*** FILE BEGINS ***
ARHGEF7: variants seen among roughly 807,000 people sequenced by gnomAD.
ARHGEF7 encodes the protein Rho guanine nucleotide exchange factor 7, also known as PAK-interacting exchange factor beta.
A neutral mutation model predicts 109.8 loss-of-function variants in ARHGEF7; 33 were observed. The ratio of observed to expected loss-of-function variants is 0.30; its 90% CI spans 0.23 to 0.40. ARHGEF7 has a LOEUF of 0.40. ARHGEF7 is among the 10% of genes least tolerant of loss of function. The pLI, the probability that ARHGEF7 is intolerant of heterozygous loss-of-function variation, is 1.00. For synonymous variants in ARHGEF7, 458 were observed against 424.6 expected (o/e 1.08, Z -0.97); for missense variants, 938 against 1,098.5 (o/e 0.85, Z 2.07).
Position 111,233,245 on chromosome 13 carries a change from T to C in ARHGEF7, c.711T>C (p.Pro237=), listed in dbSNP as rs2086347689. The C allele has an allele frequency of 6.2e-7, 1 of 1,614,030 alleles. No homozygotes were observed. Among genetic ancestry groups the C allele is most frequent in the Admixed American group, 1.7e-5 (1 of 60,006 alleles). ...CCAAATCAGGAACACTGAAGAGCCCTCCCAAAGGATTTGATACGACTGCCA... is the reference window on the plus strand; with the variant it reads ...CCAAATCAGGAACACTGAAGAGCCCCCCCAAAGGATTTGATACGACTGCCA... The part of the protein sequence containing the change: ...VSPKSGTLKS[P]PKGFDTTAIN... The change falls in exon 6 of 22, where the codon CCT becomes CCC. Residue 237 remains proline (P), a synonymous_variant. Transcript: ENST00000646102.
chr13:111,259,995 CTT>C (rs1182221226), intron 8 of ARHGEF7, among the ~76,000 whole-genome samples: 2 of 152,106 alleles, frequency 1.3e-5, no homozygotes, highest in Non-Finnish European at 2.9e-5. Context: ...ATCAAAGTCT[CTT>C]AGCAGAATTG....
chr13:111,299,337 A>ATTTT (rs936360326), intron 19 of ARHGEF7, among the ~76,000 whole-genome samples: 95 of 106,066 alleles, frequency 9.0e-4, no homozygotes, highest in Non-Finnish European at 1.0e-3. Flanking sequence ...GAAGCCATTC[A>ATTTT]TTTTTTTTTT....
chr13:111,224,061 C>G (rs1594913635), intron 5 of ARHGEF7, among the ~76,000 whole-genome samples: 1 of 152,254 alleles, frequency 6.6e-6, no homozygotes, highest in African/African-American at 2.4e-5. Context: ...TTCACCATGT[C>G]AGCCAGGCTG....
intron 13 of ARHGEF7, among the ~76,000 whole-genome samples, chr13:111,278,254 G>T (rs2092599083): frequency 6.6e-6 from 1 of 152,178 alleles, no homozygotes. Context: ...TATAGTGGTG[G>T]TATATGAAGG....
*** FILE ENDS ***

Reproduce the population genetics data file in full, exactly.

ARHGEF7: variants seen among roughly 807,000 people sequenced by gnomAD.
ARHGEF7 encodes the protein Rho guanine nucleotide exchange factor 7, also known as PAK-interacting exchange factor beta.
A neutral mutation model predicts 109.8 loss-of-function variants in ARHGEF7; 33 were observed. The ratio of observed to expected loss-of-function variants is 0.30; its 90% CI spans 0.23 to 0.40. ARHGEF7 has a LOEUF of 0.40. ARHGEF7 is among the 10% of genes least tolerant of loss of function. The pLI, the probability that ARHGEF7 is intolerant of heterozygous loss-of-function variation, is 1.00. For synonymous variants in ARHGEF7, 458 were observed against 424.6 expected (o/e 1.08, Z -0.97); for missense variants, 938 against 1,098.5 (o/e 0.85, Z 2.07).
Position 111,233,245 on chromosome 13 carries a change from T to C in ARHGEF7, c.711T>C (p.Pro237=), listed in dbSNP as rs2086347689. The C allele has an allele frequency of 6.2e-7, 1 of 1,614,030 alleles. No homozygotes were observed. Among genetic ancestry groups the C allele is most frequent in the Admixed American group, 1.7e-5 (1 of 60,006 alleles). ...CCAAATCAGGAACACTGAAGAGCCCTCCCAAAGGATTTGATACGACTGCCA... is the reference window on the plus strand; with the variant it reads ...CCAAATCAGGAACACTGAAGAGCCCCCCCAAAGGATTTGATACGACTGCCA... The part of the protein sequence containing the change: ...VSPKSGTLKS[P]PKGFDTTAIN... The change falls in exon 6 of 22, where the codon CCT becomes CCC. Residue 237 remains proline (P), a synonymous_variant. Transcript: ENST00000646102.
chr13:111,259,995 CTT>C (rs1182221226), intron 8 of ARHGEF7, among the ~76,000 whole-genome samples: 2 of 152,106 alleles, frequency 1.3e-5, no homozygotes, highest in Non-Finnish European at 2.9e-5. Context: ...ATCAAAGTCT[CTT>C]AGCAGAATTG....
chr13:111,299,337 A>ATTTT (rs936360326), intron 19 of ARHGEF7, among the ~76,000 whole-genome samples: 95 of 106,066 alleles, frequency 9.0e-4, no homozygotes, highest in Non-Finnish European at 1.0e-3. Flanking sequence ...GAAGCCATTC[A>ATTTT]TTTTTTTTTT....
chr13:111,224,061 C>G (rs1594913635), intron 5 of ARHGEF7, among the ~76,000 whole-genome samples: 1 of 152,254 alleles, frequency 6.6e-6, no homozygotes, highest in African/African-American at 2.4e-5. Context: ...TTCACCATGT[C>G]AGCCAGGCTG....
intron 13 of ARHGEF7, among the ~76,000 whole-genome samples, chr13:111,278,254 G>T (rs2092599083): frequency 6.6e-6 from 1 of 152,178 alleles, no homozygotes. Context: ...TATAGTGGTG[G>T]TATATGAAGG....